Category Archives: Poetry
T. S. Eliot had a theory about poetry, which he explained in an essay called Tradition and the Individual Talent. “Most of us,” Eliot wrote, “think of poets as people who express their feelings in verse.” He thought poetry was stranger than that. As Eliot saw it, poets were less like people and more like laboratories. “The poet has, not a ‘personality’ to express,” he wrote, “but a particular medium . . . in which impressions and experiences combine in peculiar and unexpected ways.” Within this medium, ordinary emotions are compressed together until they produce an “art emotion”—an emotion that doesn’t exist in ordinary life, and is available only through the poem. That’s the whole point of poetry: while we’re under its spell, we’re not ourselves, or anyone; we feel things no ordinary person feels. “Poetry is not a turning loose of emotion, but an escape from emotion; it is not the expression of personality, but an escape from personality,” he concluded.
The above is quoted from a New Yorker article.
I am moved by fancies that are curled
Around these images, and cling:
The notion of some infinitely gentle
Infinitely suffering thing.
Wipe your hand across your mouth, and laugh;
The worlds revolve like ancient women
Gathering fuel in vacant lots.
This is the sixth and final digital collage created to illuminate Eliot’s “Preludes.” You can see the others here. The overall design differs from the previous five and I reused elements from the preceding images to create the suggestion of revolutions and vacancy. This is new territory for me and I would welcome honest critique.
His soul stretched tight across the skies
That fade behind a city block,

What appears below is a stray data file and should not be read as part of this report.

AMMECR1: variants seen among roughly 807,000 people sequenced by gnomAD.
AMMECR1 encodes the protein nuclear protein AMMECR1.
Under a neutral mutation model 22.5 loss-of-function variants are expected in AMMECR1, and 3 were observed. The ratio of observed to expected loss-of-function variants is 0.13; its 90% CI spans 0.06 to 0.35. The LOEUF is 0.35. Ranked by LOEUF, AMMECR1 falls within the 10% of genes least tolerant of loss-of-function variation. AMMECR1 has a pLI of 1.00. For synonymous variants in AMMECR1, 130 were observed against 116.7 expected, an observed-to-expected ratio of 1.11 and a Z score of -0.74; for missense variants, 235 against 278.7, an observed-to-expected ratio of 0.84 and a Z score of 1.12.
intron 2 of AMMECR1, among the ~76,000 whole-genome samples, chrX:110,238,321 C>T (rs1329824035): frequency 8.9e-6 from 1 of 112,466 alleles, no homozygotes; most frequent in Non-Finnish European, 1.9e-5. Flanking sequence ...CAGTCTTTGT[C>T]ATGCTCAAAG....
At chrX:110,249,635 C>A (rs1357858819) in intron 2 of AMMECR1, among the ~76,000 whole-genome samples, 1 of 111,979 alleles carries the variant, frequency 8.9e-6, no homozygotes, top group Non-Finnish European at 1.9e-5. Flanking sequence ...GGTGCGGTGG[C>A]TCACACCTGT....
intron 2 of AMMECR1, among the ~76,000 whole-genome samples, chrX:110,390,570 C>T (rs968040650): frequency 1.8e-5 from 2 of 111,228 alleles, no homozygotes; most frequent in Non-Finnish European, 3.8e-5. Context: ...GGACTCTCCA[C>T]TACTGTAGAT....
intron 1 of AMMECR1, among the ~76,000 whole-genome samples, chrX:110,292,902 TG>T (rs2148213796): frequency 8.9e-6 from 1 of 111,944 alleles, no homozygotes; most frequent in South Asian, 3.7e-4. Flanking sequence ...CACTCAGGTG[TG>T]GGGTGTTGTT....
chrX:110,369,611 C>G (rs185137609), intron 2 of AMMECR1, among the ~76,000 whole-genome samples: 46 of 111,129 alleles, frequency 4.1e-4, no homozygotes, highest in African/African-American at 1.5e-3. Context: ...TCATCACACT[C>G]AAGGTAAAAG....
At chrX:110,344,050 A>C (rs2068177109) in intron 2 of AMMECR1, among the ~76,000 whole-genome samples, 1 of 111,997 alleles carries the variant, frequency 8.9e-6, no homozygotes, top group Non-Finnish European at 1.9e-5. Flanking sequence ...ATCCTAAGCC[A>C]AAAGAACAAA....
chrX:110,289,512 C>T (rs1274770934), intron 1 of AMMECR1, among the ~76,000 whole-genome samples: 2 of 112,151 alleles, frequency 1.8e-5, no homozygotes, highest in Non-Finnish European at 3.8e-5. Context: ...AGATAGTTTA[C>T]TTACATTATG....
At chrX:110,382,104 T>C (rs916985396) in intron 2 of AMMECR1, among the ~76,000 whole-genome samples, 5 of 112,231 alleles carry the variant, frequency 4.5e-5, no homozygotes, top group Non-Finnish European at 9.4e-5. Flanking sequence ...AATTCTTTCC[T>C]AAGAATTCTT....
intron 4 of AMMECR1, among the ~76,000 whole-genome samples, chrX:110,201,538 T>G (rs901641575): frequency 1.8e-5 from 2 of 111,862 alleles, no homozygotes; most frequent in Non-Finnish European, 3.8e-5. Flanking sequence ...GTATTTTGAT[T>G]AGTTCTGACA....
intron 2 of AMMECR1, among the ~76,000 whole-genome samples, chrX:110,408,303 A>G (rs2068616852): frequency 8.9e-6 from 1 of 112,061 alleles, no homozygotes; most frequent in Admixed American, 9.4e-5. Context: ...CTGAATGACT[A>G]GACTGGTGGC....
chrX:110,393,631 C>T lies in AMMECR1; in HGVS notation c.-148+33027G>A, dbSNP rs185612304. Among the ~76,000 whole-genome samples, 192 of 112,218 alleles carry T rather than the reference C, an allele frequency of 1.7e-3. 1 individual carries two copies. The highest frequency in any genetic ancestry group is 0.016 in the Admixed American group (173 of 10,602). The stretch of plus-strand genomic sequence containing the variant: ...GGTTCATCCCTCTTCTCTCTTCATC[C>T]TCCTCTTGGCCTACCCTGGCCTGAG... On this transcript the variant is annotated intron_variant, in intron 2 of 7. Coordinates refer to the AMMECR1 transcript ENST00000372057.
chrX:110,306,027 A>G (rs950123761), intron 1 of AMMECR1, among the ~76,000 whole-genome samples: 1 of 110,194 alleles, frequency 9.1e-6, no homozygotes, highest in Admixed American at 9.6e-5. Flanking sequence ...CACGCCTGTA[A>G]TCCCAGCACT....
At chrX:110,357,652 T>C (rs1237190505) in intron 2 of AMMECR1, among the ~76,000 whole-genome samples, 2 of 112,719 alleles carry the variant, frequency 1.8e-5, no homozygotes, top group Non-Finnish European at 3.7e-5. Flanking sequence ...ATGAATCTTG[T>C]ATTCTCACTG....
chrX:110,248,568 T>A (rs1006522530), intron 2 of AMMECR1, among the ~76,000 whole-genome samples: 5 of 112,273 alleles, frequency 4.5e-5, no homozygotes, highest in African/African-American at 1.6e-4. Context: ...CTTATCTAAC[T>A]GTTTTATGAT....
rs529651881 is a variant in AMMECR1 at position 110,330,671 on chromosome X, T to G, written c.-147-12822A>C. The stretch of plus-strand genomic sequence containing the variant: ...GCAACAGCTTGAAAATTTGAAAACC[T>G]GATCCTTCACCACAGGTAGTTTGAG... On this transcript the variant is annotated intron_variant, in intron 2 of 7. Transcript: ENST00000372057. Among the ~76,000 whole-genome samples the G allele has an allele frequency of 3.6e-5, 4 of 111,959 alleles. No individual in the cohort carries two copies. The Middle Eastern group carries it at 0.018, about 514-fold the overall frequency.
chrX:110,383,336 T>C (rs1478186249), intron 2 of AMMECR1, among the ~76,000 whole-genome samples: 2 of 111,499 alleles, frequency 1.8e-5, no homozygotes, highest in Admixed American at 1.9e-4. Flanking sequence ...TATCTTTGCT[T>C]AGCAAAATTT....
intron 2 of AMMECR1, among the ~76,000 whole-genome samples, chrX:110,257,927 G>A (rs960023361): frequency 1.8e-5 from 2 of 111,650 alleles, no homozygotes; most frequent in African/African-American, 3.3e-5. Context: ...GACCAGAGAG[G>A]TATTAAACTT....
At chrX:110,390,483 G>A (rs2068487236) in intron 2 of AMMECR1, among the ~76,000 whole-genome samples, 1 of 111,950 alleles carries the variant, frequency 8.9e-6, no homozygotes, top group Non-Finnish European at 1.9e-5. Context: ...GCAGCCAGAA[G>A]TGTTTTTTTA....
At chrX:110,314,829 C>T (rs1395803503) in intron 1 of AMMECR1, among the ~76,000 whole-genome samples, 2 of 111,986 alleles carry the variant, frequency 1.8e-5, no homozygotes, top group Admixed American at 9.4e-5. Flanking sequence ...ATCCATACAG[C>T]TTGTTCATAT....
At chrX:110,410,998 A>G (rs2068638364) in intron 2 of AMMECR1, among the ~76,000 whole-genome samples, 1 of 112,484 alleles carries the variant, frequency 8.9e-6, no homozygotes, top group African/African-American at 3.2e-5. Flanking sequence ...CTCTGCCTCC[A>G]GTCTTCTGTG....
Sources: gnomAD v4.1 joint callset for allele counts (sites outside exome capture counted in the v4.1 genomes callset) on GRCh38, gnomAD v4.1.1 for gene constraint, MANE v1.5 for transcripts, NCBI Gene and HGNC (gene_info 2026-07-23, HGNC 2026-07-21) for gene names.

Or trampled by insistent feet
At four and five and six o’clock
And short square fingers stuffing pipes,
And evening newspapers, and eyes
Assured of certain certainties,
The conscience of a blackened street
Impatient to assume the world.
This is the fifth digital collage created to illuminate Eliot’s “Preludes.” You can see the others here. This is new territory for me and I would welcome honest critique.
And when all the world came back
And the light crept up between the shutters,
And you heard the sparrows in the gutters,
You had such a vision of the street
As the street hardly understands;
Sitting along the bed’s edge, where
You curled the papers from your hair,
Or clasped the yellow soles of feet
In the palms of both soiled hands.
This is the fourth digital collage created to illuminate Eliot’s “Preludes.” You can see the others here. This is new territory for me and I would welcome honest critique.
You tossed a blanket from the bed,
You lay upon your back, and waited;
You dozed, and watched the night revealing
The thousand sordid images
Of which your soul was constituted;
They flickered against the ceiling.
The morning comes to consciousness
Of faint stale smells of beer
From the sawdust-trampled street
With all its muddy feet that press
To early coffee-stands.
With the other masquerades
That time resumes,
One thinks of all the hands
That are raising dingy shades
In a thousand furnished rooms.
This is the second digital collage created to illuminate Eliot’s “Preludes.” You can see the first one here. This is new territory for me and I would welcome honest critique.